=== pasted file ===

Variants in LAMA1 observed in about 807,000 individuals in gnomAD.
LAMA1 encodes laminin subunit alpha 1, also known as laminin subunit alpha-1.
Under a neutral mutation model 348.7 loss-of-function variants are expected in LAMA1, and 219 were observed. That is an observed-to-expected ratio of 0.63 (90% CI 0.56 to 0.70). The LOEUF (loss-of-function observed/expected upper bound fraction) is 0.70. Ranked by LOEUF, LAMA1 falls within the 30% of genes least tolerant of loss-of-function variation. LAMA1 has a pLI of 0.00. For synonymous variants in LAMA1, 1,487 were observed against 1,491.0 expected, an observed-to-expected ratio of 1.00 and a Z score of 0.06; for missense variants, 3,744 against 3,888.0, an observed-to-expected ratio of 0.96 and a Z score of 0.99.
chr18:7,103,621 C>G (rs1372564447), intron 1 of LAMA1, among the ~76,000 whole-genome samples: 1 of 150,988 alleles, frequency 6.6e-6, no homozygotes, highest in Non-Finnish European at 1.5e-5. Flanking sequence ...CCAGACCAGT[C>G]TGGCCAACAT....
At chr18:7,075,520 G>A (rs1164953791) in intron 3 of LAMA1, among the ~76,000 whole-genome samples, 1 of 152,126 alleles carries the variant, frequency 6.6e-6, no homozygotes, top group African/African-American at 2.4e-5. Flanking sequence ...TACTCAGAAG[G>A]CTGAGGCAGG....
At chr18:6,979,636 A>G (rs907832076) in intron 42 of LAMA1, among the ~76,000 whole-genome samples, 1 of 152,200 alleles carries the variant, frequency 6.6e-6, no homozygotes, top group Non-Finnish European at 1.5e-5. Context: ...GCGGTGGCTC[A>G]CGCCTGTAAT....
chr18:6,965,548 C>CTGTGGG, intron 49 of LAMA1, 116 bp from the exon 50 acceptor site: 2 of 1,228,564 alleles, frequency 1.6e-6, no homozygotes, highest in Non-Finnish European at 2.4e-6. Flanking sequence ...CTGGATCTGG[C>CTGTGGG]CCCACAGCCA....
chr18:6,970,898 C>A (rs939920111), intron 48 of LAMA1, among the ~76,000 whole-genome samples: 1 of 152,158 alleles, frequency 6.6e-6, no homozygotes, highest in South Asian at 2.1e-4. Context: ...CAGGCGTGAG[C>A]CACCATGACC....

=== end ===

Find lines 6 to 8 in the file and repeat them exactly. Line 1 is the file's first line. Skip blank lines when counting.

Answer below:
At chr18:6,979,636 A>G (rs907832076) in intron 42 of LAMA1, among the ~76,000 whole-genome samples, 1 of 152,200 alleles carries the variant, frequency 6.6e-6, no homozygotes, top group Non-Finnish European at 1.5e-5. Context: ...GCGGTGGCTC[A>G]CGCCTGTAAT....
chr18:6,965,548 C>CTGTGGG, intron 49 of LAMA1, 116 bp from the exon 50 acceptor site: 2 of 1,228,564 alleles, frequency 1.6e-6, no homozygotes, highest in Non-Finnish European at 2.4e-6. Flanking sequence ...CTGGATCTGG[C>CTGTGGG]CCCACAGCCA....
chr18:6,970,898 C>A (rs939920111), intron 48 of LAMA1, among the ~76,000 whole-genome samples: 1 of 152,158 alleles, frequency 6.6e-6, no homozygotes, highest in South Asian at 2.1e-4. Context: ...CAGGCGTGAG[C>A]CACCATGACC....